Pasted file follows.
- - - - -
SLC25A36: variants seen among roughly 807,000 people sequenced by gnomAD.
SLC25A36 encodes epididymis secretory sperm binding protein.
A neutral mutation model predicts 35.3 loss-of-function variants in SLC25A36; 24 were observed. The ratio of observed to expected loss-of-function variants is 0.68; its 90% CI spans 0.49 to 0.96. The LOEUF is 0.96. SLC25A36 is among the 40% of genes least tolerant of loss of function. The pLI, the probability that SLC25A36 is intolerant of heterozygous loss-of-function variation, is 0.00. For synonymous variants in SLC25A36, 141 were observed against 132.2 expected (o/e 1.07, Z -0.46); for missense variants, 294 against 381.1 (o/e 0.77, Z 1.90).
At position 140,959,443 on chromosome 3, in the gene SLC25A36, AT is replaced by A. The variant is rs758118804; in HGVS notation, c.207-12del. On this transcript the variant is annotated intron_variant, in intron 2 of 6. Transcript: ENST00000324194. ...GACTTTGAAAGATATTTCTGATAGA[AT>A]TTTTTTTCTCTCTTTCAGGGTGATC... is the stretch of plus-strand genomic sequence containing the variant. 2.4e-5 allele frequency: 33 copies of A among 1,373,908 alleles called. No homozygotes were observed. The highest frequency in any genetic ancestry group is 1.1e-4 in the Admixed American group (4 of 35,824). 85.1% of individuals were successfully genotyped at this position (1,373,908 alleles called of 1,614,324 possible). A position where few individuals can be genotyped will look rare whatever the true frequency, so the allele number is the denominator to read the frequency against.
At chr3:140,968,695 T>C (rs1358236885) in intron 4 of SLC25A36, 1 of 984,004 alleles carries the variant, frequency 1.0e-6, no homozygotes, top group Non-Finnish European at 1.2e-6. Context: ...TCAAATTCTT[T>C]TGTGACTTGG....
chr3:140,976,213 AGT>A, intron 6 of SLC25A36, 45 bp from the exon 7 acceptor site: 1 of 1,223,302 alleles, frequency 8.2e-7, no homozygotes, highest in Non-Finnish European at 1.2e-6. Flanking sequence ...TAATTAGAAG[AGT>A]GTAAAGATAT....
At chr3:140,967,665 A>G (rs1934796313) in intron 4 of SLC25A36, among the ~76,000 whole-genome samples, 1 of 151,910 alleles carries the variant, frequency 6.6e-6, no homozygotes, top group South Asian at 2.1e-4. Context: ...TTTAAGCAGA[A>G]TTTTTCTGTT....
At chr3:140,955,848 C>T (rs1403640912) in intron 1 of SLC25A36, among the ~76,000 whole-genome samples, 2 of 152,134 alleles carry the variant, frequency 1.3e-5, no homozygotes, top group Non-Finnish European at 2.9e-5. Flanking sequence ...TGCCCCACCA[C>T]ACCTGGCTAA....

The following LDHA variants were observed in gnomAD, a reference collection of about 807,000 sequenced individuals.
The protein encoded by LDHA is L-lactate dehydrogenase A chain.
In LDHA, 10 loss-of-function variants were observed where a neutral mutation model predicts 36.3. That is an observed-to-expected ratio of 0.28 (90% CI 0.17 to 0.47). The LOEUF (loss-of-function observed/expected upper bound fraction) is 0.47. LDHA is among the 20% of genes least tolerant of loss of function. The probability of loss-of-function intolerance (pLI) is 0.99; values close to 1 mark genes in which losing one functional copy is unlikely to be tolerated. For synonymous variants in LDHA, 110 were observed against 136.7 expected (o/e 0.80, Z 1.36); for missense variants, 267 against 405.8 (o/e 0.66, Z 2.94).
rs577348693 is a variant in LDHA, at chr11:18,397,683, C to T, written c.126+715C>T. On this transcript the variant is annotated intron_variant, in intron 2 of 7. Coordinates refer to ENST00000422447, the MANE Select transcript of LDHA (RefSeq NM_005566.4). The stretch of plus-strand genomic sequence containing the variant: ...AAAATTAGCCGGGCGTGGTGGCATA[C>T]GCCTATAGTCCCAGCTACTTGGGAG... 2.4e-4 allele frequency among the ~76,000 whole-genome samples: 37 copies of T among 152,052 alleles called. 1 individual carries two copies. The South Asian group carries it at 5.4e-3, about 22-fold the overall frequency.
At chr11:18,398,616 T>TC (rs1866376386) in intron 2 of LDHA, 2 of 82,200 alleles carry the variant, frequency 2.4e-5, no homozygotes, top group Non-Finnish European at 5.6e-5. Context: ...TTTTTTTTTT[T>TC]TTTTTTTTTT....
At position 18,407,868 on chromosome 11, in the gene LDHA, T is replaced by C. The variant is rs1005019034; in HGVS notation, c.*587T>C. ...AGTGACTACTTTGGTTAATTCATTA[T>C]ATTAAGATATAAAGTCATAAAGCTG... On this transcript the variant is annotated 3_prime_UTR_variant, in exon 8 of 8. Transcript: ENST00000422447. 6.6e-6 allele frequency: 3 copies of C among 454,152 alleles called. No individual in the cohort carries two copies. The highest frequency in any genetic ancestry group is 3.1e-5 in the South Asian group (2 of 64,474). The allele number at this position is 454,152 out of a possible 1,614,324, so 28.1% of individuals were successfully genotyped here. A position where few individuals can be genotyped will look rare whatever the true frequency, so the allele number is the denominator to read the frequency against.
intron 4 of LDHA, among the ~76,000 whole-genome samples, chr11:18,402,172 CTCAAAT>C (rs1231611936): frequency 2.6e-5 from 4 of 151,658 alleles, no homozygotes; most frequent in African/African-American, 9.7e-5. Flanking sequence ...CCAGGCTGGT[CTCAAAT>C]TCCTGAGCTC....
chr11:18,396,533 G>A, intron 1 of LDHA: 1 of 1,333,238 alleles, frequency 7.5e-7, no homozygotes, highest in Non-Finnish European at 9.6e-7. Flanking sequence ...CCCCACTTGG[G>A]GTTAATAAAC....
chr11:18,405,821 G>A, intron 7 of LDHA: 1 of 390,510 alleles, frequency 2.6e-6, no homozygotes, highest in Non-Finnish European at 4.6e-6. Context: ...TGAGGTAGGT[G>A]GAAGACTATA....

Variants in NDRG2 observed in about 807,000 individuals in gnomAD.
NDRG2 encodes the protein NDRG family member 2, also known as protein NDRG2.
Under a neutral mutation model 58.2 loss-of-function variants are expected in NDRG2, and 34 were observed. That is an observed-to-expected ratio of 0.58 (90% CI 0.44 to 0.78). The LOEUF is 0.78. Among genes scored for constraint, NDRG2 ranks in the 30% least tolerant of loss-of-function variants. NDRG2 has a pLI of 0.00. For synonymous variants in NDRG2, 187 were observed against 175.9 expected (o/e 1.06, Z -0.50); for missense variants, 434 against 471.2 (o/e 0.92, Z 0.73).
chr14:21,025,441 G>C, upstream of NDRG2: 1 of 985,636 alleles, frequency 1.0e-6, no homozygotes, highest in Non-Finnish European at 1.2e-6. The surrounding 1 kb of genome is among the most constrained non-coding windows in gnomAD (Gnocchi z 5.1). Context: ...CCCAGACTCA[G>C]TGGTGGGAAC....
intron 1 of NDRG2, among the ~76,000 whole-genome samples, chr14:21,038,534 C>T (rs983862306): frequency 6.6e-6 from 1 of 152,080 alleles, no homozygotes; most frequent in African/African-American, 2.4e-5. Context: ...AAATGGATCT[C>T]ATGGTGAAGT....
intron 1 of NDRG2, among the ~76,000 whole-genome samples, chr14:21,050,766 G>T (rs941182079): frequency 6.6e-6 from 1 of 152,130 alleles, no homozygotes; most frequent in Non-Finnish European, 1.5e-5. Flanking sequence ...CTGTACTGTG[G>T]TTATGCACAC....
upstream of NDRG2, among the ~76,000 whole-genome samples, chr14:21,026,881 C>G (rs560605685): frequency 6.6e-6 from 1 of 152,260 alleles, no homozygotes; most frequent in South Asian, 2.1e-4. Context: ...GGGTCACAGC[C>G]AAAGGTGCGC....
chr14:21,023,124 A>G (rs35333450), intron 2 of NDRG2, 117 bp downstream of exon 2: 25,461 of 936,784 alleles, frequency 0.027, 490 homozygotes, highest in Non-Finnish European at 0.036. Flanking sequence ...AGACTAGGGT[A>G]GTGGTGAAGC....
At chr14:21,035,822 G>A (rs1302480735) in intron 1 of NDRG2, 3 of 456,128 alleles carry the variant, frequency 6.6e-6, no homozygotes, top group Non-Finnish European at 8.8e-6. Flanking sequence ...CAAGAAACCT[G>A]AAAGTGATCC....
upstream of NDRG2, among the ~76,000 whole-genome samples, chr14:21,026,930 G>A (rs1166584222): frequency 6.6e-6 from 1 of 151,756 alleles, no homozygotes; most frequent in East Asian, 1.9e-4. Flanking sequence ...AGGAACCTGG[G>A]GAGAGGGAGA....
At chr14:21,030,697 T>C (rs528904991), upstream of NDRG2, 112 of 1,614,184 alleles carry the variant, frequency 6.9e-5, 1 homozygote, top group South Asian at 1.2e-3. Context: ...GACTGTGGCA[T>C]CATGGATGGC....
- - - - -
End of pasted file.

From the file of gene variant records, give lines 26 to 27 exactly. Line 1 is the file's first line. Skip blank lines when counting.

At chr14:21,035,822 G>A (rs1302480735) in intron 1 of NDRG2, 3 of 456,128 alleles carry the variant, frequency 6.6e-6, no homozygotes, top group Non-Finnish European at 8.8e-6. Flanking sequence ...CAAGAAACCT[G>A]AAAGTGATCC....
upstream of NDRG2, among the ~76,000 whole-genome samples, chr14:21,026,930 G>A (rs1166584222): frequency 6.6e-6 from 1 of 151,756 alleles, no homozygotes; most frequent in East Asian, 1.9e-4. Flanking sequence ...AGGAACCTGG[G>A]GAGAGGGAGA....